RELIGION

Desmond Tutu Urges Uganda To Drop Anti-Homosexuality Bill

FILE - In this Sunday, Nov. 27, 2011 file photo South African Archbishop Desmond Tutu speaks during a climate justice rally h
FILE - In this Sunday, Nov. 27, 2011 file photo South African Archbishop Desmond Tutu speaks during a climate justice rally held in Durban, South Africa, ahead of the official start or a two-week international climate conference. Three Nobel Peace Prize laureates, including Archbishop Desmond Tutu, have contested the awarding of this year’s prize to the European Union, saying the 27-nation bloc contradicts the values associated with the prize because it relies on military force to ensure security. In an open letter to the Nobel Foundation, Tutu of South Africa, Mairead Maguire of Northern Ireland and Adolfo Perez Esquivel from Argentina demanded that the prize money of 8 million kronor ($1.2 million) not be paid out this year. (AP Photo/Schalk van Zuydam, File)

NAIROBI, Kenya (RNS) Nobel Laureate Archbishop Desmond Tutu on Tuesday (Dec. 4) urged Uganda to scrap a controversial draft law that would send gays and lesbians to jail and, some say, put them at risk of the death penalty.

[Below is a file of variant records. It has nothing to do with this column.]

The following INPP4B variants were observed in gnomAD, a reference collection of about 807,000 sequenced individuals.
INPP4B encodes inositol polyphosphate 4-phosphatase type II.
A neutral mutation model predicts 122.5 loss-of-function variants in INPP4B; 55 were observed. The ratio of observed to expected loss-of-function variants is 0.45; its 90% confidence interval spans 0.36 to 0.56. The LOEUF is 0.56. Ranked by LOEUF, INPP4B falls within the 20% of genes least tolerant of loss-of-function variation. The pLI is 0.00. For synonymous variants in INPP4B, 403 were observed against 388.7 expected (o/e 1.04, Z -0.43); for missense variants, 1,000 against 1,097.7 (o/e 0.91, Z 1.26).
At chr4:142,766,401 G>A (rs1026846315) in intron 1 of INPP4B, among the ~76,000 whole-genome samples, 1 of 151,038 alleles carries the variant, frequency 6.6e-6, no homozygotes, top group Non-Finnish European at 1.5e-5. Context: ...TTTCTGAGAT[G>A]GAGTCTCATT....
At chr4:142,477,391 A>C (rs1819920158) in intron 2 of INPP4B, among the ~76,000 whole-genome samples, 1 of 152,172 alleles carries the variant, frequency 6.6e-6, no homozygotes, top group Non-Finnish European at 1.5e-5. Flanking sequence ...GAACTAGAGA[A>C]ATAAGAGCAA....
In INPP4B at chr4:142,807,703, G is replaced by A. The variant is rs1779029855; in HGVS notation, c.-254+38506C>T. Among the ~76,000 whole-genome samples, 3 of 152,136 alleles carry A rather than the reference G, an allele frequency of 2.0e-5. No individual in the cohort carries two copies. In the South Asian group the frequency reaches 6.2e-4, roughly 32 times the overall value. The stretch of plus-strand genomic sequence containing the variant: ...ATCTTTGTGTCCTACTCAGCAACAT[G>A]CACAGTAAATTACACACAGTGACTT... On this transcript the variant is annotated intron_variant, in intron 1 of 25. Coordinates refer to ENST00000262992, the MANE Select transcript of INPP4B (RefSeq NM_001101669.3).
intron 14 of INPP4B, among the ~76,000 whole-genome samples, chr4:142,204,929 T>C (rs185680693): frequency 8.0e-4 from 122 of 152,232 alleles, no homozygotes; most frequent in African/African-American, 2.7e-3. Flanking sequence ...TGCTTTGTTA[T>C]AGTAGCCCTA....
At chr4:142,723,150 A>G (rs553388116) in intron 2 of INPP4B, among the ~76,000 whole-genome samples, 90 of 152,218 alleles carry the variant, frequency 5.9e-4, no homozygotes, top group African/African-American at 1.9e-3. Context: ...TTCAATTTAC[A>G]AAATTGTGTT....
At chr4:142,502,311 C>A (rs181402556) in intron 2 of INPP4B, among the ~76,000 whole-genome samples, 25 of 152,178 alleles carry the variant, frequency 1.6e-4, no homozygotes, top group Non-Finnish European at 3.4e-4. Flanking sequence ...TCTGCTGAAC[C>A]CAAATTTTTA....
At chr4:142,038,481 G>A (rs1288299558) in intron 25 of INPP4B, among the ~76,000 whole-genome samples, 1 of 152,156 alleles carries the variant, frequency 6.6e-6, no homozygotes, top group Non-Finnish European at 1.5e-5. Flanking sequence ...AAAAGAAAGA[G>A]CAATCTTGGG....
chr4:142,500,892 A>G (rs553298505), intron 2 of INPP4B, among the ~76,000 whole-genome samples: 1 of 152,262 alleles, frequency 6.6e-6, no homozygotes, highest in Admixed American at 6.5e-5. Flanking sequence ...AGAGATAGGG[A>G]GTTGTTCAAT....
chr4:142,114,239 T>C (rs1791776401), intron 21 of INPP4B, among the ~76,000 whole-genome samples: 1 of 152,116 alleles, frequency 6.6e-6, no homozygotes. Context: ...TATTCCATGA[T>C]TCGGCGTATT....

The Anti-Homosexuality Bill is expected to become law after Parliamentary Speaker Rebecca Kadaga offered it to Ugandans as a "Christmas gift." The bill is believed to exclude the death penalty clause after international pressure forced its removal, but gay rights activists say much of it is still horrendous.

"I am opposed to discrimination, that is unfair discrimination, and would that I could persuade legislators in Uganda to drop their draft legislation, because I think it is totally unjust," Tutu told reporters here on Tuesday at the All Africa Conference of Churches meeting.

The former Anglican archbishop of Cape Town, South Africa, who was a hero of the anti-apartheid movement, has emerged as a leading pro-gay voice both in the church and across Africa.

With African church leaders passionately preaching against homosexuality as sinful and against African culture, Tutu said the church must stand with minorities.

"My brothers and sisters, you stood with people who were oppressed because of their skin color. If you are going to be true to the Lord you worship, you are also going to be there for the people who are being oppressed for something they can do nothing about: their sexual orientation," he said.

Tutu said people do not choose their sexual orientation, and would be crazy to choose homosexuality "when you expose yourself to so much hatred, even to the extent of being killed."

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